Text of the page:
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03/20/2018 16:43 EDT | Updated 03/20/2018 16:44 EDT

A CBC-Private News Partnership Would Be A Lifeline For Canadian Journalism

It seems an ideal time to consider the CBC's proposal to go ad-free, but with a slightly different approach.

In 2009, CBC TV boasted that half of its revenue came from advertising, which meant it depended less on government funding. Today, according to recently released CRTC data, only about 15 per cent of CBC TV revenues come from advertising, just over 23 per cent in the case of CBC French TV.Ad revenue in 2017 fell to levels previously thought unimaginable, well below $100 million.So, why is CBC still selling advertising, when the cost of doing so eats up much of the revenues generated? Should it go ad-free or let someone else assume responsibility for selling advertising?

In years with special events like the Olympics, CBC ad revenue is naturally higher, but an earlier analysis of the data showed the cost of Olympic program rights outstrips the extra Olympic revenue.

The CRTC financial data also reveal that the amount of government funding CBC managers allocated to CBC TV declined precipitously in 2017 for both CBC English and French TV. CBC has allocated slightly more of its government funds to CBC radio the past few years, after significant reductions several years ago.Reversing cuts to CBC radio that were used to support CBC TV was a good management decision, since radio is the most valued of CBC services.But something doesn't add up.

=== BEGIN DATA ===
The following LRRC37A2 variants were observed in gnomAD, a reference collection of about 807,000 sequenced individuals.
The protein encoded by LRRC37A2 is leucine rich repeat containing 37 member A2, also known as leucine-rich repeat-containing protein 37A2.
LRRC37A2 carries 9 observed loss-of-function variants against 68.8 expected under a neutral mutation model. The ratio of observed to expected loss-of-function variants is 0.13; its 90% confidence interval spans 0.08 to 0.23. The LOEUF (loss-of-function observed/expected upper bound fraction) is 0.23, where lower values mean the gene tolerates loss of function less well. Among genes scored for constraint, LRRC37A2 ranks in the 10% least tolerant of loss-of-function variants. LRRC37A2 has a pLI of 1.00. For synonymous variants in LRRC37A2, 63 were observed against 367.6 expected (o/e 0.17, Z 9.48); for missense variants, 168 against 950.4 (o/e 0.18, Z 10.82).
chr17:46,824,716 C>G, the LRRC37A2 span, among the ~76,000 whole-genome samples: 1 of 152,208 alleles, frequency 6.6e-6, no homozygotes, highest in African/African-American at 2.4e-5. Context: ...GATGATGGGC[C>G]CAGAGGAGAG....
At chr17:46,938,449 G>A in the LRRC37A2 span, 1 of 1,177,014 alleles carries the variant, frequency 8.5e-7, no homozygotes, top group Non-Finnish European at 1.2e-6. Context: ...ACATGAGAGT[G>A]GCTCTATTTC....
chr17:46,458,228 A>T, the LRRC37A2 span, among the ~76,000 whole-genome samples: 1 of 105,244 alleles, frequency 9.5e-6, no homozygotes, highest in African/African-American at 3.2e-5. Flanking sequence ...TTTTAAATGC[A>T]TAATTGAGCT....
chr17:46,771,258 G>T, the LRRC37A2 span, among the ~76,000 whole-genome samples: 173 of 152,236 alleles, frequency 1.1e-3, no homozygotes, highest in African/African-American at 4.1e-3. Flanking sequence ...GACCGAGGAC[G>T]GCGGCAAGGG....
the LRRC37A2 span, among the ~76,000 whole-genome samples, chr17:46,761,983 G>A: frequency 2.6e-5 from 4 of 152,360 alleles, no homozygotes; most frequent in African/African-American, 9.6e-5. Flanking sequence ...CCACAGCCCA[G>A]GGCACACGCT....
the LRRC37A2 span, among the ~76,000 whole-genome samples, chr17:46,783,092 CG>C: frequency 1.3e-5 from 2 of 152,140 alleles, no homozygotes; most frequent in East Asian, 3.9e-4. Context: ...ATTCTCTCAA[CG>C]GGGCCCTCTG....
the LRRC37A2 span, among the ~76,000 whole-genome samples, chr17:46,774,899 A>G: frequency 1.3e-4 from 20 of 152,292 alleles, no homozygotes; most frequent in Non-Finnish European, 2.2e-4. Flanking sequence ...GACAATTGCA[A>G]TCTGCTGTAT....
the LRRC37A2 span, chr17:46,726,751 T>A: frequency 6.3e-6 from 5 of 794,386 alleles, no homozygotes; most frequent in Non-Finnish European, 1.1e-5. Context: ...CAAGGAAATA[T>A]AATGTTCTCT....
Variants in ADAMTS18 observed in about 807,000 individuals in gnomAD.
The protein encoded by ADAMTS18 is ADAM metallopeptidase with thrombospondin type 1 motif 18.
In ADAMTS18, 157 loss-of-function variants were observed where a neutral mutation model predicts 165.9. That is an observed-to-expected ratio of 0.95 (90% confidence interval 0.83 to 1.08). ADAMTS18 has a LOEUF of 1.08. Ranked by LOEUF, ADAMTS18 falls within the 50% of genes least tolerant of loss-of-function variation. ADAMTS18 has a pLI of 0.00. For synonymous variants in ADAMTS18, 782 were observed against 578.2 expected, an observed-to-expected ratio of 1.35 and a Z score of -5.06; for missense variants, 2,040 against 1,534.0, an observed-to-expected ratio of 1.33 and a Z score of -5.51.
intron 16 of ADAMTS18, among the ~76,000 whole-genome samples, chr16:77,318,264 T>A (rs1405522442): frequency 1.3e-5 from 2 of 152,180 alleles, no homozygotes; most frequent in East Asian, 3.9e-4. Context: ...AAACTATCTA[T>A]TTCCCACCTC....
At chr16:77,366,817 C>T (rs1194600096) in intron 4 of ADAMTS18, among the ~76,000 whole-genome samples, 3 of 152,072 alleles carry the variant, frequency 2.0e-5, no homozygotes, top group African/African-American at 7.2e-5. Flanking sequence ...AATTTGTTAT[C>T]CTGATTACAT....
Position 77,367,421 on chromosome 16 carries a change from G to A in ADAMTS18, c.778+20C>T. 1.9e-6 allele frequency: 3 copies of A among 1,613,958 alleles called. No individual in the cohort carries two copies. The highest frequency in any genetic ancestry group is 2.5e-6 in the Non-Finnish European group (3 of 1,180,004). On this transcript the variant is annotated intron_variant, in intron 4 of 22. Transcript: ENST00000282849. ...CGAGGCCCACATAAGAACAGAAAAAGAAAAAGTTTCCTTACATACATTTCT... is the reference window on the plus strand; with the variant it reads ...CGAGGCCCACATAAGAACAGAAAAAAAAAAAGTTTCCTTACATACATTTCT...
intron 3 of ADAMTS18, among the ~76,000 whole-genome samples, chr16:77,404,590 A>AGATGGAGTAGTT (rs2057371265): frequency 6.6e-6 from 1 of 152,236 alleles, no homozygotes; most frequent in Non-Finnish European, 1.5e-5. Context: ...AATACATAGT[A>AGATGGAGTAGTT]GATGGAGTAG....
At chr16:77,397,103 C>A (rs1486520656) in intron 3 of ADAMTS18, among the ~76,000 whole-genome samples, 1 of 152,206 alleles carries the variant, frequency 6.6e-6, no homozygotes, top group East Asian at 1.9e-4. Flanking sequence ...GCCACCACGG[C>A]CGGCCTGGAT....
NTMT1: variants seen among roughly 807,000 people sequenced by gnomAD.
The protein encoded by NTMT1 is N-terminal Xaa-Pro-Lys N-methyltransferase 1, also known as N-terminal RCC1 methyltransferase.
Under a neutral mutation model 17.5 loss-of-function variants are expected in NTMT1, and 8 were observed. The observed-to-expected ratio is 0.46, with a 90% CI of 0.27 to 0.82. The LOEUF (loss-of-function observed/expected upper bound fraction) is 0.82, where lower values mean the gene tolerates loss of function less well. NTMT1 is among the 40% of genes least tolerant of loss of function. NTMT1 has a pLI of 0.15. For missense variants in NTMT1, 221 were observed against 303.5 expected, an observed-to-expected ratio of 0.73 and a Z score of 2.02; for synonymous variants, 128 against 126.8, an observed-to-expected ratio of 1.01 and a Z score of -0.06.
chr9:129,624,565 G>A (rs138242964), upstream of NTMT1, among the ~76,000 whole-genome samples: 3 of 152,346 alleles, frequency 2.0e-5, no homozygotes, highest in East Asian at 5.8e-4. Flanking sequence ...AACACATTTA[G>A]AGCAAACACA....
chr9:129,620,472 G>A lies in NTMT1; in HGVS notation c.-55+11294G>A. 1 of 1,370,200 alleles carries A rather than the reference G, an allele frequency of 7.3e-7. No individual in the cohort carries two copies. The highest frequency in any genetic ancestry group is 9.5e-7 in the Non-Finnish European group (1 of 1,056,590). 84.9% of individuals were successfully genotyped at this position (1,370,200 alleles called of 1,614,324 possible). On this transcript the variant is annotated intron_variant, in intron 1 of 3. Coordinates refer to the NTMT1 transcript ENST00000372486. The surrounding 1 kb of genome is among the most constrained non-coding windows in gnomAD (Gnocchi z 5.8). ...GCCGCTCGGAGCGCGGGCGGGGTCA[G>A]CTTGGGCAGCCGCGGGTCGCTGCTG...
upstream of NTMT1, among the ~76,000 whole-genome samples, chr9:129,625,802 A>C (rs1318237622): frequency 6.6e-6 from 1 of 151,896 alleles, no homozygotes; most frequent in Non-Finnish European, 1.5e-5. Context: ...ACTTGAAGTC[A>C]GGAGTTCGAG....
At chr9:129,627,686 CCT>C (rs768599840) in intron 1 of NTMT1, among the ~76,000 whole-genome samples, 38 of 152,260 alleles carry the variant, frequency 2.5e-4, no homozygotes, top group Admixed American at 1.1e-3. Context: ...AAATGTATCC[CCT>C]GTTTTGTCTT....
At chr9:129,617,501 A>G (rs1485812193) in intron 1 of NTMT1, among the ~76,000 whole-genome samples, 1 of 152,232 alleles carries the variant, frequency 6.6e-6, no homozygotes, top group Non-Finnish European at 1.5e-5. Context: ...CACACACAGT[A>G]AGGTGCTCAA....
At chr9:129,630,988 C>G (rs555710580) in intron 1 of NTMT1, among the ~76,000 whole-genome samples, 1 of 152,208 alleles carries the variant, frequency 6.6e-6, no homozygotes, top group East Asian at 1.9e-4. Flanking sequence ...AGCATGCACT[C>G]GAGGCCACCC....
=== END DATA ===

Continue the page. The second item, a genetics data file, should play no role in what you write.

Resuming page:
CMRI

The Liberal government increased CBC funding by $150 million annually starting in 2016, yet CBC managers cut the allocation of government funds to its English and French TV services by almost $140 million in 2017.In a year when ad revenues tumbled, why was government funding for CBC TV also cut? Parliament provides an annual grant and it is up to CBC management to decide how the money is spent. Other than a small increase in funds going to CBC radio, where did CBC managers spend the new government funds?

The CBC also has an extensive internet presence and most of the increased government funding seems to have been allotted to its internet service, which is not regulated or monitored by the CRTC. The amount CBC is now spending on its internet services could exceed $200 million annually.

CBC internet services compete for readers with newspapers and online news services. Diverting funds to the internet is a very questionable strategy. When compared to CBC radio and TV, CBC internet services account for only a small fraction of Canadians' time. CBC internet services represent less than half a percentage point of the time Canadians spend on the internet and, given the competition from Facebook, Apple, Google and tens of thousands of other internet sites, this is unlikely to increase.

CMRI